Golden mean (philosophy)

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Golden mean or "middle way" is an ancient concept described in various traditions. The concept was often discussed within ethical contexts and considered as a virtue.

In ancient Western civilization, the Golden Mean is found in the mythological Cretan tale of Daedalus and Icarus, in the inscription of "Nothing in Excess" at the temple of Delphi, and in the ideas of Greek philosophers such as Socrates and Plato; the Golden Mean was an attribute of beauty.

In Western philosophy, Aristotle in particular elaborated the concept in his Nicomachean Ethics. The "golden mean" is the desirable middle between two extremes, one of excess and the other of deficiency.


In Confucianism, the golden mean or the doctrine of the mean was understood as a primary virtue and was described in the Confucian classic, the Doctrine of the Mean. For centuries, the text has been integrated into the education system in China. In Buddhism, the golden mean, or better known as the Middle Way, expresses the discourse of emancipation.

Greek tradition before Socrates


The earliest representation of this idea in culture is probably in the mythological Cretan tale of Daedalus and Icarus. Daedalus, a famous artist of his time, built feathered wings for himself and his son so that they might escape the clutches of King Minos. Daedalus warns his son to "fly the middle course," between the sea spray and the sun's heat. Icarus did not heed his father; he flew up and up until the sun melted the wax off his wings.


Another early elaboration is the Doric saying carved on the front of the temple at Delphi: "Nothing in Excess."


The first work on the golden mean is often attributed to Theano, a student of Pythagorus.[1]


Socrates teaches that a man "must know how to choose the mean and avoid the extremes on either side, as far as possible."

In education, Socrates asks us to consider the effect of either an exclusive devotion to gymnastics or an exclusive devotion to music. It either "produced a temper of hardness and ferocity, (or) the other of softness and effeminacy." Having both qualities, he believed, produces harmony; i.e., beauty and goodness. He additionally stresses the importance of mathematics in education for the understanding of beauty and truth.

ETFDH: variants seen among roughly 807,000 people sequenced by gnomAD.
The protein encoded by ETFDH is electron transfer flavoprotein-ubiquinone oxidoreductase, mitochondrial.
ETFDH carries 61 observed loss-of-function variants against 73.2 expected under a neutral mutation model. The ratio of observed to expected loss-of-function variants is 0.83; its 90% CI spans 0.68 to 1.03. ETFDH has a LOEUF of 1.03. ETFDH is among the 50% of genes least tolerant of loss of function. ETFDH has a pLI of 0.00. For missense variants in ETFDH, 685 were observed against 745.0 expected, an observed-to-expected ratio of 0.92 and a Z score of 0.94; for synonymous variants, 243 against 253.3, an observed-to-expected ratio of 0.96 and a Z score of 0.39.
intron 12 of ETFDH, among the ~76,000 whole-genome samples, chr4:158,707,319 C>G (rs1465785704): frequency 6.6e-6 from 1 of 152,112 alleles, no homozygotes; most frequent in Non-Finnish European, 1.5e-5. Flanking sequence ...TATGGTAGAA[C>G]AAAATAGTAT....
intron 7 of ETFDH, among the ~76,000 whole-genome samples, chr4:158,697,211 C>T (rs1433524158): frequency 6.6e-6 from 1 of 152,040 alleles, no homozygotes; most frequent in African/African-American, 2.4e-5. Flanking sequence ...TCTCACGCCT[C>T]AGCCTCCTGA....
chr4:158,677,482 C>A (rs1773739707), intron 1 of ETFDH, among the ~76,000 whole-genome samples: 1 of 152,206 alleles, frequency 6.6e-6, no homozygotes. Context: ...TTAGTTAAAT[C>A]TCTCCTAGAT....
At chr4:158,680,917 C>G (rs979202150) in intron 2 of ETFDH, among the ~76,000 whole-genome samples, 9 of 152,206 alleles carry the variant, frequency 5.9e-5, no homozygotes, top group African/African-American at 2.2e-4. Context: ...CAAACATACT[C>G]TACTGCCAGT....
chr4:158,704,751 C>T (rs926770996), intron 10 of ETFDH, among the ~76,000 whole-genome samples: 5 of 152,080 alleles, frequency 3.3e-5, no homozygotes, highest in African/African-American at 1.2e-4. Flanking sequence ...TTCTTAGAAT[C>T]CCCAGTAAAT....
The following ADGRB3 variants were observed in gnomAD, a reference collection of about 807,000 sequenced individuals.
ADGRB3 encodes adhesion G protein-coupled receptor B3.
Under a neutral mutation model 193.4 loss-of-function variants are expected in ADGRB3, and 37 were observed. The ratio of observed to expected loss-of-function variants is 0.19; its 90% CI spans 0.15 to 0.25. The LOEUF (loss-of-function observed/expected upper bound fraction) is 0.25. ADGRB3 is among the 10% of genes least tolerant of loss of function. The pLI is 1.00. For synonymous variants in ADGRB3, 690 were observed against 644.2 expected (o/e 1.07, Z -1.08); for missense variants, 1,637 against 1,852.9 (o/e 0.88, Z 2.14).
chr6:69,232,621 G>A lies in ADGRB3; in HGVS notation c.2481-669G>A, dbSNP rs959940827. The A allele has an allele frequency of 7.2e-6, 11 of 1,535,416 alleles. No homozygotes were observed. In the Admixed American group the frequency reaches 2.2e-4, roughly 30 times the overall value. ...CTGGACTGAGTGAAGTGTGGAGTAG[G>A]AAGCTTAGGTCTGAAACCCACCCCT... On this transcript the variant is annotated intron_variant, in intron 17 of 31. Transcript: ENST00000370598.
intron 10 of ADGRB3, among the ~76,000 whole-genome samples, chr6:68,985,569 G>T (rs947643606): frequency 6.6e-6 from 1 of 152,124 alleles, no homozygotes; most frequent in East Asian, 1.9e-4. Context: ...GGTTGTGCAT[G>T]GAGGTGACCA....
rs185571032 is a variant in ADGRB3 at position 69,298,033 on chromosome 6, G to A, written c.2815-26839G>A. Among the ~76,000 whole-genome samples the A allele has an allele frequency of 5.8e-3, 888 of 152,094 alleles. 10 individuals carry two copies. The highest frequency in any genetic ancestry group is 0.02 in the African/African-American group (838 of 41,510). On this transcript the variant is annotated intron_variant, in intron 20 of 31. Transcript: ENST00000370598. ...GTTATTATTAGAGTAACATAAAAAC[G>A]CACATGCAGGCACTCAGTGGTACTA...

According to Plato, something disproportionate was evil and was therefore to be despised.

In the Laws, Plato applies this principle to electing a government in the ideal state: "Conducted in this way, the election will strike a mean between monarchy and democracy…"


In the Eudemian Ethics, Aristotle writes on the virtues while repeating the phrase, "… is the Middle state between …." His psychology of the soul and its virtues is based on the golden mean between the extremes. In his Politics, Aristotle criticizes the Spartan Polity by critiquing the disproportionate elements of the constitution; for example, they train the men and not the women, they train for war but not peace, etcetera.

Nicomachean Ethics

Three basic elements

Aristotle’s doctrine of the mean consists of three pillars that work together to form a complete account.

First, there is a sort of equilibrium that the good person is in (1106a). This is related to a medical idea that a healthy person is in a balanced state. For example, one’s body temperature is neither too high nor too low. Related to ethics, one’s character does not go to extremes. For example, one does not overreact to situations, but rather keeps his composure. Equilibrium is the right feelings at the right time about the right things, toward the right people, for the right end, and in the right way (1106b).